Donald Trump

Trump says US is 'winning war' on coronavirus, others not so sure

United States President Donald Trump on Covid-19: "We are winning, and will win, the war on the Invisible Enemy!"
United States President Donald Trump on Covid-19: "We are winning, and will win, the war on the Invisible Enemy!" © AFP

The United States is the new epicentre of the Covid-19 pandemic with over 20 thousand fatalities. But President Donald Trump is convinced his administration is winning against the epidemic despite governors being cautious about lifting the lockdown.


“We’re very, very ready for this,” declared United States President Donald Trump, on 26 February, about his country’s capacity to contain the Covid-19 pandemic.

Today, a month and a half later, the USA is the new epicentre of the epidemic. It is the first country to record more than 20,000 coronavirus-related deaths, according to data from Johns Hopkins University on Monday.

There are currently more than 525,000 confirmed cases in the country.

Three states in particular have been badly affected: New York, New Jersey and Michigan account for three out of every five deaths in the country.

Dr Anthony Fauci, the US government’s top infectious disease specialist said he was "cautiously optimistic" as admissions into hospitals and intensive care had begun to decline.

Fauci, who has advised six successive presidents, told CNN on Friday that "Now is no time to back off. Now is the time to actually put your foot on the accelerator, because we're going in the right direction."


Meanwhile, President Trump tweeted on Sunday: "We are winning, and will win, the war on the Invisible Enemy!"

Trump is eager to restart the economy, which has stalled because most Americans are under orders to stay at home to help slow the spread of Covid-19. 

Social distancing guidelines from Trump are set to expire on 30 April.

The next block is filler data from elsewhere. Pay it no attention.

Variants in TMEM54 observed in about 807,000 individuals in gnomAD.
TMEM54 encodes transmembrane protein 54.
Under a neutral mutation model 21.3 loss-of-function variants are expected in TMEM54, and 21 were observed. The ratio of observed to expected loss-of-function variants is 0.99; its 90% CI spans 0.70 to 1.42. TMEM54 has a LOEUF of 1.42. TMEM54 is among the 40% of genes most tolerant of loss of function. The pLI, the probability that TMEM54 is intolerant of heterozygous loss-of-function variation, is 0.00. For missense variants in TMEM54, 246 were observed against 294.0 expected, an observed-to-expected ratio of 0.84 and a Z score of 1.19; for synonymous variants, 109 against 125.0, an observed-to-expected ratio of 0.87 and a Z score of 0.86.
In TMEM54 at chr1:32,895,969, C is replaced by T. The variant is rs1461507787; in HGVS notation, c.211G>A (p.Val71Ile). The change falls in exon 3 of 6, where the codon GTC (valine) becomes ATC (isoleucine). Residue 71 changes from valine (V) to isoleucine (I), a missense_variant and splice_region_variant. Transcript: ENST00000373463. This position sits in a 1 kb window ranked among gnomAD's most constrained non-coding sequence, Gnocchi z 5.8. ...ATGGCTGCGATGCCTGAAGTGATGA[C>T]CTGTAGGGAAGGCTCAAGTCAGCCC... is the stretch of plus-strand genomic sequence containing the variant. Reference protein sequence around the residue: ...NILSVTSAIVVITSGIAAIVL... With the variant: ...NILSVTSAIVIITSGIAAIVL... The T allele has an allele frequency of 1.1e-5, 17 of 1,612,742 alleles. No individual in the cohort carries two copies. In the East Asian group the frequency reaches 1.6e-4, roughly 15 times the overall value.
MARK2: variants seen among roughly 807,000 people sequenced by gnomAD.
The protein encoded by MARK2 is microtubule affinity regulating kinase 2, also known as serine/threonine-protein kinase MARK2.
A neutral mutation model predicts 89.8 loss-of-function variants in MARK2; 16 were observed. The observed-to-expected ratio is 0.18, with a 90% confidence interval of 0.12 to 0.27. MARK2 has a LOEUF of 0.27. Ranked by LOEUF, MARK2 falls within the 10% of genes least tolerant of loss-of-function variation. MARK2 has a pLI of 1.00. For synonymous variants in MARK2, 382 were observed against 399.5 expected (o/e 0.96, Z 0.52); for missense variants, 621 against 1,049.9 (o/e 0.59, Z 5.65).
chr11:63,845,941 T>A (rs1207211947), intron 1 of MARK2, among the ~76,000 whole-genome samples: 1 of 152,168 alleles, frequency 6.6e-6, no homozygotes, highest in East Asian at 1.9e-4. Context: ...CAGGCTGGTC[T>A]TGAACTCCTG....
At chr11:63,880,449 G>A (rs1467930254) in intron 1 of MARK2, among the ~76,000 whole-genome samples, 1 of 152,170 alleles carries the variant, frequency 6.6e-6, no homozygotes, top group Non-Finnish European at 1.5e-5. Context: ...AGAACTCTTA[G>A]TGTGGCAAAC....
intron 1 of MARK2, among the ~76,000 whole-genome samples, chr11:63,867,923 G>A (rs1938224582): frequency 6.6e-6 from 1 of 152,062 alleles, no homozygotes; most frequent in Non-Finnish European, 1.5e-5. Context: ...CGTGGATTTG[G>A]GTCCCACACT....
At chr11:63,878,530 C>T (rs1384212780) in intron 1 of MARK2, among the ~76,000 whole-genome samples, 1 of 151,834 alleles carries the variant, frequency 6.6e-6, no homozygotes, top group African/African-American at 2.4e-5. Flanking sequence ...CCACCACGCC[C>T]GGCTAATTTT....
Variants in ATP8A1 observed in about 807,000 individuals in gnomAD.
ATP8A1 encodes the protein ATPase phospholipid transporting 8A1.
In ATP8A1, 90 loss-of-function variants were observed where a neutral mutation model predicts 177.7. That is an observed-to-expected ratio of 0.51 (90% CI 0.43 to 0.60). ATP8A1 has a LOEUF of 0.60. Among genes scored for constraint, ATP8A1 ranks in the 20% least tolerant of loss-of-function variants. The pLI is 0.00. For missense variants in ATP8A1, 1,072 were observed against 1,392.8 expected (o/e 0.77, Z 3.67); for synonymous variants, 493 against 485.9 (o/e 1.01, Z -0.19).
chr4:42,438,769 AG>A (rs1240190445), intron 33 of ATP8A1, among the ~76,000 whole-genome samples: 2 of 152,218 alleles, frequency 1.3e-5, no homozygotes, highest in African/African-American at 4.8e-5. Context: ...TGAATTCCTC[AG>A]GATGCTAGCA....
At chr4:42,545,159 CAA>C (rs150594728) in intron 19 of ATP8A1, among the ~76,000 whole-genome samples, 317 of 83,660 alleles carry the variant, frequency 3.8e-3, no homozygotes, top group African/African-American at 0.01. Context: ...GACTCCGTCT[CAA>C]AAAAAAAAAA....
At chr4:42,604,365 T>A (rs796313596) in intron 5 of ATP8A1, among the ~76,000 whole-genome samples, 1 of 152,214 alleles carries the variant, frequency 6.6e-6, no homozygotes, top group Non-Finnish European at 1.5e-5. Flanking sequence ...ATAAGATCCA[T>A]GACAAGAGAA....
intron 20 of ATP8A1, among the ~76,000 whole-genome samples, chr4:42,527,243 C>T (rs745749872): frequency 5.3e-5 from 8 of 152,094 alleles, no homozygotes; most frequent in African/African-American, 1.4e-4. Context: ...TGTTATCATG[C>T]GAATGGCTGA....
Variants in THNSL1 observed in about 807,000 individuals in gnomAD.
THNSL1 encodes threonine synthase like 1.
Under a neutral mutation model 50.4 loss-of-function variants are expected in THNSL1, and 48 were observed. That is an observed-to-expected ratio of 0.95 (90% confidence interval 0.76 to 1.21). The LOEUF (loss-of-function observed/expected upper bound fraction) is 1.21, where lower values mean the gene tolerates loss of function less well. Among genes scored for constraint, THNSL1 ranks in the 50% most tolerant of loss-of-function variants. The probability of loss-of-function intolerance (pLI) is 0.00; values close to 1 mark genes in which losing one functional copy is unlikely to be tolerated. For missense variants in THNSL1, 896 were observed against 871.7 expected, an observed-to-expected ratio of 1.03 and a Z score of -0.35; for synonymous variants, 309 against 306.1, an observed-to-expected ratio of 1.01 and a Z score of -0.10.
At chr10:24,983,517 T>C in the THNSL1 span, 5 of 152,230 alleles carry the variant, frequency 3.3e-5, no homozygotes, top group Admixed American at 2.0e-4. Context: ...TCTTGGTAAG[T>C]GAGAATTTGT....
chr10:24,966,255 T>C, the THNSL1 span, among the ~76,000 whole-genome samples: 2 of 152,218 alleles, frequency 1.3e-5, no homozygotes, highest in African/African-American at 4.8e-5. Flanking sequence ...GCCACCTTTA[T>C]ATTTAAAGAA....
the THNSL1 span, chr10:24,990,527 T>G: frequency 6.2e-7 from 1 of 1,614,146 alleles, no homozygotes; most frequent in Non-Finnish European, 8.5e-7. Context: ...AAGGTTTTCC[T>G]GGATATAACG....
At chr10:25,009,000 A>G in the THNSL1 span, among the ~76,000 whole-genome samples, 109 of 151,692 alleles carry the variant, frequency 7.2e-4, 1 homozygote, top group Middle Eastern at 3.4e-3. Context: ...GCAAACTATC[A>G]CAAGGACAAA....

Rather than flipping a switch to reopen the entire country, Fauci said a gradual process will be required based on the status of the pandemic in various parts of the U.S. and the availability of rapid, widespread testing.

Once the number of people who are seriously ill sharply declines, officials can begin to “think about a gradual reentry of some sort of normality," Fauci said.

He believes that in some places that might occur as soon as May.

President Trump retweeted a call by Republican DeAnna Lorraine to fire Dr Anthony Fauci (‘Time to #FireFauci’) as he rejected criticism of his slow initial response to the pandemic.

Gasoline on fire

Unlike in many Western countries, lockdown decisions in the United States are primarily up to local governments, not the president. Governors will have a lot to say about when to ease restrictions in their states and leaders of a number of hard-hit, densely populated states have vowed to act as long as necessary.

The leaders of Maryland and New Jersey indicated Sunday that they are not likely to do so until widespread testing is available.

Phil Murphy , New Jersey's Democrat governor, said that an economic recovery depended on a "full health-care recovery."

He told CBS that if “we start to get back on our feet too soon, I fear, based on the data we're looking at, we could be throwing gasoline on the fire.”

South Korea testing kits

South Korea is planning to send 600,000 coronavirus testing kits to the United States.

South Korea's Foreign Affairs minister, Kang Kyung-wha, told RFI's sister TV station, France 24, that President Trump made the request for testing kits in a telephone call with President Moon Jae-in last last month.

"The contracts have been signed and they should be ready for shipment any time soon," Kang Kyung-wha told F24. "We are also sending test kits to many other countries as well."

A U.S. Federal Emergency Management Agency cargo plane carrying the equipment is scheduled to leave at 13:30 GMT on Tuesday according to an official who spoke to Reuters news agency.

An additional 150,000 kits will be exported in the near future and will be sold through an unspecified local retailer, the official said..

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